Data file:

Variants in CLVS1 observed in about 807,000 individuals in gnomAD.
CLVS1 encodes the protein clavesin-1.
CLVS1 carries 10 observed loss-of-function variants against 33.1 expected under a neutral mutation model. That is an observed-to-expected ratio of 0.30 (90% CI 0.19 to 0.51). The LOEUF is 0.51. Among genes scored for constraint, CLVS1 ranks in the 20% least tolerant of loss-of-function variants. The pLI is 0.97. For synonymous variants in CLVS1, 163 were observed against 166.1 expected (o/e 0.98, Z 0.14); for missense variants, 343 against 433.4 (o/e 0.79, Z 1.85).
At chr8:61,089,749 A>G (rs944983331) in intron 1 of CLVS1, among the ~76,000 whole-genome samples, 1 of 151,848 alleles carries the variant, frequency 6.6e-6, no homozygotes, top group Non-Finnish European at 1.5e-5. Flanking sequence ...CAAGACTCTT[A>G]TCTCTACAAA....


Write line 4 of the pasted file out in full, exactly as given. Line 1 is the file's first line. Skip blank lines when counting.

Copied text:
At chr8:61,089,749 A>G (rs944983331) in intron 1 of CLVS1, among the ~76,000 whole-genome samples, 1 of 151,848 alleles carries the variant, frequency 6.6e-6, no homozygotes, top group Non-Finnish European at 1.5e-5. Flanking sequence ...CAAGACTCTT[A>G]TCTCTACAAA....